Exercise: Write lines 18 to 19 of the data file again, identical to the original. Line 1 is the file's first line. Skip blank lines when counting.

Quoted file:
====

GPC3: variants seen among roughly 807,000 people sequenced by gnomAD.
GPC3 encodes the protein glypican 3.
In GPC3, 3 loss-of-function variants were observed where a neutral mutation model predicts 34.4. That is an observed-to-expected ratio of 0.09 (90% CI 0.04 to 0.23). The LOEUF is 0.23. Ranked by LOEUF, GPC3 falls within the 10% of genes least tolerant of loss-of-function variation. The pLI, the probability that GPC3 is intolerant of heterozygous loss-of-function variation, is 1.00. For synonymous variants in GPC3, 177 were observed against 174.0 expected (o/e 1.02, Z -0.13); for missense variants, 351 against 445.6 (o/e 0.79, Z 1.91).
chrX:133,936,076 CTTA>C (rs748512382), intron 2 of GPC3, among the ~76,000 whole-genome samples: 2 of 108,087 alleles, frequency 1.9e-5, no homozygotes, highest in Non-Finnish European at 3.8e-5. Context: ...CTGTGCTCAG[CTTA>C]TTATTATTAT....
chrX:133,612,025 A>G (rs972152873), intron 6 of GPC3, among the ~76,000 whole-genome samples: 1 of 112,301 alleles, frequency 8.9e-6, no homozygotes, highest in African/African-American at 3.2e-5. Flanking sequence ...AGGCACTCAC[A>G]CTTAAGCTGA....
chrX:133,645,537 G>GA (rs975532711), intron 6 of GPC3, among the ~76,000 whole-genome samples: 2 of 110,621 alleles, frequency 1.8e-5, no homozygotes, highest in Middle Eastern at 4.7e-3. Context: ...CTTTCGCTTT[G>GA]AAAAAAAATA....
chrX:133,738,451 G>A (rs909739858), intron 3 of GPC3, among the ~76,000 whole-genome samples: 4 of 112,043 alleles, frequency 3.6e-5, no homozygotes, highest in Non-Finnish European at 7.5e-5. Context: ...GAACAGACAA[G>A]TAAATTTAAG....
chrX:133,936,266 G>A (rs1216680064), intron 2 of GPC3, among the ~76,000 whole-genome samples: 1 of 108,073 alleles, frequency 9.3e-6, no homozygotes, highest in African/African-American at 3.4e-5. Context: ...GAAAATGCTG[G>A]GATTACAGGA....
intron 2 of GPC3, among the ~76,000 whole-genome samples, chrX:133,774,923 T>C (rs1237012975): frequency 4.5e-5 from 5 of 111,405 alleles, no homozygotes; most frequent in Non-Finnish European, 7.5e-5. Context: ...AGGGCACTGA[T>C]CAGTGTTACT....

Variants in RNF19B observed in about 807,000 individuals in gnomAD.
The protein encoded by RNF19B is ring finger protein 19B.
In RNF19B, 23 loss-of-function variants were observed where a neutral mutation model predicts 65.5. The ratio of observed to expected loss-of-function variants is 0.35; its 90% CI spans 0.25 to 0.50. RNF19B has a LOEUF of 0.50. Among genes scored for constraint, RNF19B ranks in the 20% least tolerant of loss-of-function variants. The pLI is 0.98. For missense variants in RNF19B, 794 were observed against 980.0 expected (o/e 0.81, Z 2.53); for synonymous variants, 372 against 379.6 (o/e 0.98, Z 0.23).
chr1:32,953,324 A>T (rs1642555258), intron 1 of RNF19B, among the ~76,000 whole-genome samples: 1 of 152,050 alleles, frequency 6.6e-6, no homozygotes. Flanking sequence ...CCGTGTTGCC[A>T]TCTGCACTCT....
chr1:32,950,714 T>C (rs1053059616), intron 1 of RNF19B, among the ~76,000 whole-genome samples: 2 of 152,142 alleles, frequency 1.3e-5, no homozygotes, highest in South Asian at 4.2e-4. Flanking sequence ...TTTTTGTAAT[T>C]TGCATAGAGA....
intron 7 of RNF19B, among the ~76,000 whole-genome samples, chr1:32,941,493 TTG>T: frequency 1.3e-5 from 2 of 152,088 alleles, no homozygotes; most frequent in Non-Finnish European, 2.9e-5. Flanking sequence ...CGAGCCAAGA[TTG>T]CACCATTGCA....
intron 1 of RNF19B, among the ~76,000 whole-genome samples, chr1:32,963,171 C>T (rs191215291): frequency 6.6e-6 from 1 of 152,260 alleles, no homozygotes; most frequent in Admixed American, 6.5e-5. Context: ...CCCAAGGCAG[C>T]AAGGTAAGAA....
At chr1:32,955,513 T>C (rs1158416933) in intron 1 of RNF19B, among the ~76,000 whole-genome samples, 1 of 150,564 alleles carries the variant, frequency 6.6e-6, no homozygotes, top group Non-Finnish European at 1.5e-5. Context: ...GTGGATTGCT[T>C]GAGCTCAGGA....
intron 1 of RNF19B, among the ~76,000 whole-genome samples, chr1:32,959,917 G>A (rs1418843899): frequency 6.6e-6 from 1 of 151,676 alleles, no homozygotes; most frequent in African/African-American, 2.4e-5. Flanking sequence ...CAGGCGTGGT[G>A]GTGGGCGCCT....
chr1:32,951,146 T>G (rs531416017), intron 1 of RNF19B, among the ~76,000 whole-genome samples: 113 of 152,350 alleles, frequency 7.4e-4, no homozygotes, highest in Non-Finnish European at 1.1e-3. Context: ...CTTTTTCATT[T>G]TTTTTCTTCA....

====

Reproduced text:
intron 1 of RNF19B, among the ~76,000 whole-genome samples, chr1:32,959,917 G>A (rs1418843899): frequency 6.6e-6 from 1 of 151,676 alleles, no homozygotes; most frequent in African/African-American, 2.4e-5. Flanking sequence ...CAGGCGTGGT[G>A]GTGGGCGCCT....
chr1:32,951,146 T>G (rs531416017), intron 1 of RNF19B, among the ~76,000 whole-genome samples: 113 of 152,350 alleles, frequency 7.4e-4, no homozygotes, highest in Non-Finnish European at 1.1e-3. Context: ...CTTTTTCATT[T>G]TTTTTCTTCA....